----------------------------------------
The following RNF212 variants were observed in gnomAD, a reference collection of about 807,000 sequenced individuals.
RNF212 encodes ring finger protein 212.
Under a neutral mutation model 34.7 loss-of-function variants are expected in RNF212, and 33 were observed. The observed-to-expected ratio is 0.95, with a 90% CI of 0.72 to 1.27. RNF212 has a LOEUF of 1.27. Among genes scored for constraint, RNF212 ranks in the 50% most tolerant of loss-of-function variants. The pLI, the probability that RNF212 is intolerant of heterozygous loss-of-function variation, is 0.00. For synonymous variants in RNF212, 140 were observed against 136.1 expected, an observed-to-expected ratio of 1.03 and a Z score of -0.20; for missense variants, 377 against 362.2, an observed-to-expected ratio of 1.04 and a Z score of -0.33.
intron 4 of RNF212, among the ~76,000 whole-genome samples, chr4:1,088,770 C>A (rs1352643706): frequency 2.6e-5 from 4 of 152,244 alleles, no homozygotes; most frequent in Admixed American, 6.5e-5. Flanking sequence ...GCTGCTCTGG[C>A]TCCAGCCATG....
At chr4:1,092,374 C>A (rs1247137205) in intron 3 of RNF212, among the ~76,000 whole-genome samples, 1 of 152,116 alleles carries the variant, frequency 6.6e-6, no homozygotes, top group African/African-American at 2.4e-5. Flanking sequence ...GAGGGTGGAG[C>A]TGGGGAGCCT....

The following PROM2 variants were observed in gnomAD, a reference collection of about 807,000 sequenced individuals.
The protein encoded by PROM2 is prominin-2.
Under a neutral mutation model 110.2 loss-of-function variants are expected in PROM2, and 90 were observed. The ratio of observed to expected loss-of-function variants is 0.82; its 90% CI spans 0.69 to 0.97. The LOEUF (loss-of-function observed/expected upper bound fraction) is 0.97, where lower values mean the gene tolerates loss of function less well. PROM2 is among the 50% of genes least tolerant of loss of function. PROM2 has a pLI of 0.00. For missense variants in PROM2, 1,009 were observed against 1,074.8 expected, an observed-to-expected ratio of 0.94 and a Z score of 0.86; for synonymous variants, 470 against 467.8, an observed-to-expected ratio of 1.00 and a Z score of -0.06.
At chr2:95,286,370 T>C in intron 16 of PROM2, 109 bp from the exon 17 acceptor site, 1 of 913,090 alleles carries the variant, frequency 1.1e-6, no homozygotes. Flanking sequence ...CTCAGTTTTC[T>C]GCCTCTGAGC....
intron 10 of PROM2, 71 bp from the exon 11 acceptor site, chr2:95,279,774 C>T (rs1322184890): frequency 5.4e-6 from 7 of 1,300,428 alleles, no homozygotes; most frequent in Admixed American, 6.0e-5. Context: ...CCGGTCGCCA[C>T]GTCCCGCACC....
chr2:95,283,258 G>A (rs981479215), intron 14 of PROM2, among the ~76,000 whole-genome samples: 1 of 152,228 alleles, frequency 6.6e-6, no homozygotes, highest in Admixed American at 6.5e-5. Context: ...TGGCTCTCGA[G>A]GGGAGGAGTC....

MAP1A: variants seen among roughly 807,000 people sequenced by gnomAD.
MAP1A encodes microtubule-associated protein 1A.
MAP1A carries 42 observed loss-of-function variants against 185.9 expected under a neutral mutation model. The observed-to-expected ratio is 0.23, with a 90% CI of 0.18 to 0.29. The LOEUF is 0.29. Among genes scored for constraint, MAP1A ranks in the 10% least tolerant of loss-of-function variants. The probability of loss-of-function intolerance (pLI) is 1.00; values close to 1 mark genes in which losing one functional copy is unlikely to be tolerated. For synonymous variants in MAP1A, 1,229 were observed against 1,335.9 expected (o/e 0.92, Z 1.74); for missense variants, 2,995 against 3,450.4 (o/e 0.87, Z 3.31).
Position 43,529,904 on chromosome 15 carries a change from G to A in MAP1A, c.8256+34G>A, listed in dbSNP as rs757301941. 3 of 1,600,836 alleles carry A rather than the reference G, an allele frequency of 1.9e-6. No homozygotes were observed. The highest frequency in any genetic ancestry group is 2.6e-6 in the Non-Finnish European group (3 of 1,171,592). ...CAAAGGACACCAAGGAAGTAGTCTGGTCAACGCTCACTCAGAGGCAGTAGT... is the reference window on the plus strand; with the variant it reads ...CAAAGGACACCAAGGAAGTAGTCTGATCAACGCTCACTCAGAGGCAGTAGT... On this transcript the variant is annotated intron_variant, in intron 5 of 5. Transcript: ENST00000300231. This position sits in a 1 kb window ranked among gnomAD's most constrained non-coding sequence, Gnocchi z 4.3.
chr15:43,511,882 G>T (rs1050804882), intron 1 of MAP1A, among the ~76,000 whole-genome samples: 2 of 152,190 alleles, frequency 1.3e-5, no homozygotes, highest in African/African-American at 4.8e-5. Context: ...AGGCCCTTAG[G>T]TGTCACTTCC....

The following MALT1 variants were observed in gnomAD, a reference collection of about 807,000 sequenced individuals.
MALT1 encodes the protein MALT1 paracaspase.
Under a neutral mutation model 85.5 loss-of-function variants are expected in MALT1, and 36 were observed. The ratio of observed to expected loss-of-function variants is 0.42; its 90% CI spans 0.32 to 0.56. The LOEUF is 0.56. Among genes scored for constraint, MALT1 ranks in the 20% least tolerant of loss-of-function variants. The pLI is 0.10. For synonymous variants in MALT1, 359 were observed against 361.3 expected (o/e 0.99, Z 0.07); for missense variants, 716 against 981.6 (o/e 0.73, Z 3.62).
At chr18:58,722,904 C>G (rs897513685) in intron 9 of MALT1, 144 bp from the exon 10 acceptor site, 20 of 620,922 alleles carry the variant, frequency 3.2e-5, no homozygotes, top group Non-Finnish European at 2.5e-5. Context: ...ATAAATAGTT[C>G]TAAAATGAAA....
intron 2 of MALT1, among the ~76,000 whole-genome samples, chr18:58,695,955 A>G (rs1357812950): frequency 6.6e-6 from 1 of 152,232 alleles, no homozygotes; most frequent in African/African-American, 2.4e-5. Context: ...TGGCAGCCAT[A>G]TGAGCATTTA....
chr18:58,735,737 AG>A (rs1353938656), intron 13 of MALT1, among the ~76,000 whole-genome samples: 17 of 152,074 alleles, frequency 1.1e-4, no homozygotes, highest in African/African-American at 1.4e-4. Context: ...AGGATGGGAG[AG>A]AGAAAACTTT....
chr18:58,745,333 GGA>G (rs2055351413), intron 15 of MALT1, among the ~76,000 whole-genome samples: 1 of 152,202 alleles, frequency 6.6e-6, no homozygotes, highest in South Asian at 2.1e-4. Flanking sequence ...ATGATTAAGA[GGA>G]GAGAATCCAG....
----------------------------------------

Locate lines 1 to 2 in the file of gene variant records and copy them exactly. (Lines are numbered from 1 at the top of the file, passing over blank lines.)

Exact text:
The following RNF212 variants were observed in gnomAD, a reference collection of about 807,000 sequenced individuals.
RNF212 encodes ring finger protein 212.